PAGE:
I bit my lip as I watched my mother stumble clumsily. Her coordination was such that if no one was nearby, she was most likely to sit down, not on the chair, but rather go crashing to the floor. It was heart-breaking to watch this woman whose mind had always been so alert, as she groped for words.
She had been a librarian and a voracious reader. Not only was she able to read in English, but Spanish as well. As the days and weeks wore on, her attention span shortened as did her vocabulary. Many of her bodily functions were no longer under her control as the unusually kind assistants ministered to her needs. She had recently been put in the nursing home on the premises of the life care community where she and her second husband lived.
It was over his protests. He felt he could take care of her. After all, he had taken care of his first wife for probably 25-30 of their over 50 years of marriage as she gradually was incapacitated by multiple sclerosis. It was one of the reasons I was there. I was her power of attorney for medical decisions.
As her children lived states, even countries away, it was difficult to be so far away and not be able to monitor her situation. Her husband was mostly oblivious to the seriousness of her condition.
We (her children) had been watching from afar as our mother was slowly failing. We all lived at least states away. One sister lived in the Netherlands! It was difficult to get home to see her. But when she remarried, they preferred to live in FL rather than near one of her children. It was understandable while they were healthy. However, it was difficult once she began having issues with her health. He was unable to admit to any health issues.
We had been watching as she changed gradually over time. This was an intelligent, independent woman who had been a voracious reader, hospitable hostess, bilingual former missionary and career librarian. She had been a widow for many years before she was remarried to a dear family friend. They did well for a few years. Eventually, they moved to a life-care community where she had many friends from the past. Because they differed on many views on medical treatment, I was her medical power of attorney. It was a difficult position, especially from the distance I lived.
Soon she began to have some gradual health issues. They seemed minor at first.
At first, she had trouble managing the checkbook, a responsibility she had carried for the family for about 60 years. My brother took that load. He was also their power of attorney and executor of their estate.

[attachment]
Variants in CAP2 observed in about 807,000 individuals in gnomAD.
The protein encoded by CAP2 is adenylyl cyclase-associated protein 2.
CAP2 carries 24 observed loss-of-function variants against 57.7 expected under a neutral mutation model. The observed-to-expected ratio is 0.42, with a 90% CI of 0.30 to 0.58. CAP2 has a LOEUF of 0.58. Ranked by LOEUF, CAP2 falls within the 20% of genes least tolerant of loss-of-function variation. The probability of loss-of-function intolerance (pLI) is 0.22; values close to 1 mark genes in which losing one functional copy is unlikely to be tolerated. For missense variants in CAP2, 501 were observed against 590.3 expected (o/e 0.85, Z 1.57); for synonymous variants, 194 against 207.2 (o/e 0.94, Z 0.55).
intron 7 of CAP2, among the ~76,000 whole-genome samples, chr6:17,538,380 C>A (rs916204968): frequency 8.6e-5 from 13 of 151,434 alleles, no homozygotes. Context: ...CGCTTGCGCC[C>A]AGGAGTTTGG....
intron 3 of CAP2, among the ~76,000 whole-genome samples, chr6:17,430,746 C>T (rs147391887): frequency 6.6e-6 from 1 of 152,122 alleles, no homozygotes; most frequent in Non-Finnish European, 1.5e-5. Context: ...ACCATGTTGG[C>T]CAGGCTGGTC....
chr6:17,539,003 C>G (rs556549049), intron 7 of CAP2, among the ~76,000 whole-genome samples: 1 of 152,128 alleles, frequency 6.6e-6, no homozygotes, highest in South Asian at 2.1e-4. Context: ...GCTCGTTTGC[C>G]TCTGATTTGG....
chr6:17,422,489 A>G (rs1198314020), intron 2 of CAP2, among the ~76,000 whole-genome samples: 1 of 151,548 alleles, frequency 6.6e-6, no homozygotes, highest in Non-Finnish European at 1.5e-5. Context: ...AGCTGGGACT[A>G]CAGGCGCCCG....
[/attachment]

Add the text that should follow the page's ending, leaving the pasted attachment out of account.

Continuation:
Then she started tripping and falling. Her healthfood-loving, anti-medical establishment husband was sure that the solution to her problem was that she just needed to pick up her feet when she walked. However, this was becoming increasingly impossible for her.
I went to visit her to see how she was. On my visit I saw quite a change from my last visit the year before. I walked into her room. I saw a woman with a nearly vacant look in her eyes and almost no expression. Her gray hair was cut in a straight, easy care, low fashion haircut.
She didn’t seem to care how she looked or what she did. This was not like my mother. She had always had opinions, about everything! I didn’t remember seeing her in a passive mode… ever. Now she was barely mobile. She couldn’t stand and worse, she didn’t have the awareness of where she was in space so she could sit back down and accurately land where she needed to.
From a safety perspective, she was an accident waiting to happen. Her husband was unwilling to listen to the advice given by the medical people in the retirement community. He thought they were being overly cautious. My assessment was that he was seriously into denial regarding her condition.
It was almost Christmas. Their community was presenting Handel’s Messiah.
It was near Christmas. Their community was presenting Messiah in a concert. I asked her if she wanted to go. She did. So I helped her into the wheelchair and into the car. I drove the short distance to the concert area where the close parking was mostly taken. We got out of the car and had the wheelchair but we had some steps to go up which were a HUGE challenge. Once we were at the top of the steps, I helped her into the wheelchair and we went inside to the concert.
Her legs weren’t very flexible, so this process took longer than it should have. By this time, I was sweating profusely in the cold night. She was oblivious to my nervousness regarding her safety.
We sat down in the back row of the crowded auditorium as the words were being sung,
”And the glory, the glory of the Lord shall be revealed. And all flesh shall see it together.”
Of course, they went on later to sing Hallelujah Chorus. I realized that night that it would be the last time I would be going to a concert with my mother, a music major in college.
The music was beautiful but the reality of her situation weighed on me as I sadly realized that the next time she would be singing with any real understanding was going to be in the presence of Christ. Yes, it would be wonderful for her but we were going to lose her…and already had to a large degree.
She didn’t die until a couple of years later, but that is one sweet memory I have with her before she was completely gone in her mind. It is a treasure.
What sweet memories do you have with a loved one you have given care to in some way?
This Christmas, try to find some ways to make sweet memories with your loved one. It may be looking over photographs from the past and sipping your favorite hot drink. It may be driving to look at Christmas lights nearby or simply watching a Christmas concert on TV together. Don’t allow this Christmas to pass without continuing to make sweet memories with them even if their memory is going or gone. It may be more for you than for them. But it will help in the days ahead.